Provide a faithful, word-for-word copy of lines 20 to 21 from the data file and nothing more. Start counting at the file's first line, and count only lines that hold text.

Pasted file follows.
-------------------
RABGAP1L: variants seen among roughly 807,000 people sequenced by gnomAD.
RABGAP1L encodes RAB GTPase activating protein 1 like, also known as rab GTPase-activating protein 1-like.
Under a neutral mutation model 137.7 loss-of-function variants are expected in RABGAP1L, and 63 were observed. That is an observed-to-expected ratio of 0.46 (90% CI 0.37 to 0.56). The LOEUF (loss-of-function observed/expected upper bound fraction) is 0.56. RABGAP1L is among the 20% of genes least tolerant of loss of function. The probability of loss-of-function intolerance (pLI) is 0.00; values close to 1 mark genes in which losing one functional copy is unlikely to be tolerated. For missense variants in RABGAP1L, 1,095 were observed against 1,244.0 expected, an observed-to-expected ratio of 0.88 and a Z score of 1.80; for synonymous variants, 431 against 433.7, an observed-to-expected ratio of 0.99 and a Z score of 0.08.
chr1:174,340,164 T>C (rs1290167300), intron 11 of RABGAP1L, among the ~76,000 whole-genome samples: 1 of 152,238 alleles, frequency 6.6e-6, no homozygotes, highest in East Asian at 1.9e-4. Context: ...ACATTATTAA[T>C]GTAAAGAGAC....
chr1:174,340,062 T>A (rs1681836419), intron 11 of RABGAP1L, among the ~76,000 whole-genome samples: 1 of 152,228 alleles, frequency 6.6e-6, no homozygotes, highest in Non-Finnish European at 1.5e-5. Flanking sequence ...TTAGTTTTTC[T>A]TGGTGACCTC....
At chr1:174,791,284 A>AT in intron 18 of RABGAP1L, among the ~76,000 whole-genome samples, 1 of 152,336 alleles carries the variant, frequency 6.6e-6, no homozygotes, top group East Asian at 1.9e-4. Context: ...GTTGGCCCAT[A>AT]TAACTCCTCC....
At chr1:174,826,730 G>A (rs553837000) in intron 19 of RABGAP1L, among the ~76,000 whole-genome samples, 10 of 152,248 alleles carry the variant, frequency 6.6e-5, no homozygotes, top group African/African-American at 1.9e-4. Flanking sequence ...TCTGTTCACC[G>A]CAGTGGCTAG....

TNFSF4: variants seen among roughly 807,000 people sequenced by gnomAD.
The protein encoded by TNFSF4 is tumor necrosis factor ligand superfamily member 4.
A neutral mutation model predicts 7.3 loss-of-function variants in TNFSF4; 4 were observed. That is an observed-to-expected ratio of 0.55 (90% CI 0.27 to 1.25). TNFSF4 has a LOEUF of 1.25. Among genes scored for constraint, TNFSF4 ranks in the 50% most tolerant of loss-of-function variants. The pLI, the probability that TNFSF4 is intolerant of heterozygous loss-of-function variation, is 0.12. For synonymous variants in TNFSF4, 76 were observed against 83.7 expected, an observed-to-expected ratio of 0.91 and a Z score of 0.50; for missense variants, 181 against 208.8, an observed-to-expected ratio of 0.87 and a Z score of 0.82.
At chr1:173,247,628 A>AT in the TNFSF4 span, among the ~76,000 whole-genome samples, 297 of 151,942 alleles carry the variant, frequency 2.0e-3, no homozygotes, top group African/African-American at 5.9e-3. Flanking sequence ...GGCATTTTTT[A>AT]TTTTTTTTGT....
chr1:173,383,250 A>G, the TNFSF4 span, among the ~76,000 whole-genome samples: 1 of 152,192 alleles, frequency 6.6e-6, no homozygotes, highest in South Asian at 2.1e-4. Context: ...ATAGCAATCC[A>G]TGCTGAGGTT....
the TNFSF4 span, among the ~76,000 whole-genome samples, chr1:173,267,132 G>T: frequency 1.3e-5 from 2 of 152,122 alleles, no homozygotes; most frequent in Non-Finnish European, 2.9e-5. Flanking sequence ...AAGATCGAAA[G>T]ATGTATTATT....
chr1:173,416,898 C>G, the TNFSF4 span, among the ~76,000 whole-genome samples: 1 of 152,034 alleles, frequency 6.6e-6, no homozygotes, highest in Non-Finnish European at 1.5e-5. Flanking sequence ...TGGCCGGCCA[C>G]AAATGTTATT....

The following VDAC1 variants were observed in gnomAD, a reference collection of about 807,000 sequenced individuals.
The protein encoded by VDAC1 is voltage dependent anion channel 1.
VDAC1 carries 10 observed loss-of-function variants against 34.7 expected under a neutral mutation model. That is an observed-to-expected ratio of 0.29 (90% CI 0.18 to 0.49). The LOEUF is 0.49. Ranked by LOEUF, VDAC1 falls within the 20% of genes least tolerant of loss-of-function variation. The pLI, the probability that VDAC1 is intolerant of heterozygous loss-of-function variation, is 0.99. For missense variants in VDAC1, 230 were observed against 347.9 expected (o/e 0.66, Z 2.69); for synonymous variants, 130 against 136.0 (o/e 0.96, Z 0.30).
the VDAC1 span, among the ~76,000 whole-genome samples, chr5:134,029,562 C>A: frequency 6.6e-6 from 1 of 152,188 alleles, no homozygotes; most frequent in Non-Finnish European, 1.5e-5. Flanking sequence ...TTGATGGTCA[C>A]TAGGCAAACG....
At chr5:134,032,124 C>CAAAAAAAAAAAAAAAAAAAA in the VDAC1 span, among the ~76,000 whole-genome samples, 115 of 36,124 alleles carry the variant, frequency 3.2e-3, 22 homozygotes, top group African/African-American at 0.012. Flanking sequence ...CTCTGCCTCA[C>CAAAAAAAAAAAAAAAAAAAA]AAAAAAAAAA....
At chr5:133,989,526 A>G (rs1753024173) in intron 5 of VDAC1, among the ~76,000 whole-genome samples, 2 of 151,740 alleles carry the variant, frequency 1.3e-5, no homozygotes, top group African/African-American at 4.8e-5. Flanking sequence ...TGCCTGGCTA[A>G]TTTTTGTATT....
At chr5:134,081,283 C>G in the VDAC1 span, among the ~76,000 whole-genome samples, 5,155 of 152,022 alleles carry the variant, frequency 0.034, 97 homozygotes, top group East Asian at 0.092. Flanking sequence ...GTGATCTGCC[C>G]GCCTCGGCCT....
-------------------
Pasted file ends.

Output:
At chr5:133,989,526 A>G (rs1753024173) in intron 5 of VDAC1, among the ~76,000 whole-genome samples, 2 of 151,740 alleles carry the variant, frequency 1.3e-5, no homozygotes, top group African/African-American at 4.8e-5. Flanking sequence ...TGCCTGGCTA[A>G]TTTTTGTATT....
At chr5:134,081,283 C>G in the VDAC1 span, among the ~76,000 whole-genome samples, 5,155 of 152,022 alleles carry the variant, frequency 0.034, 97 homozygotes, top group East Asian at 0.092. Flanking sequence ...GTGATCTGCC[C>G]GCCTCGGCCT....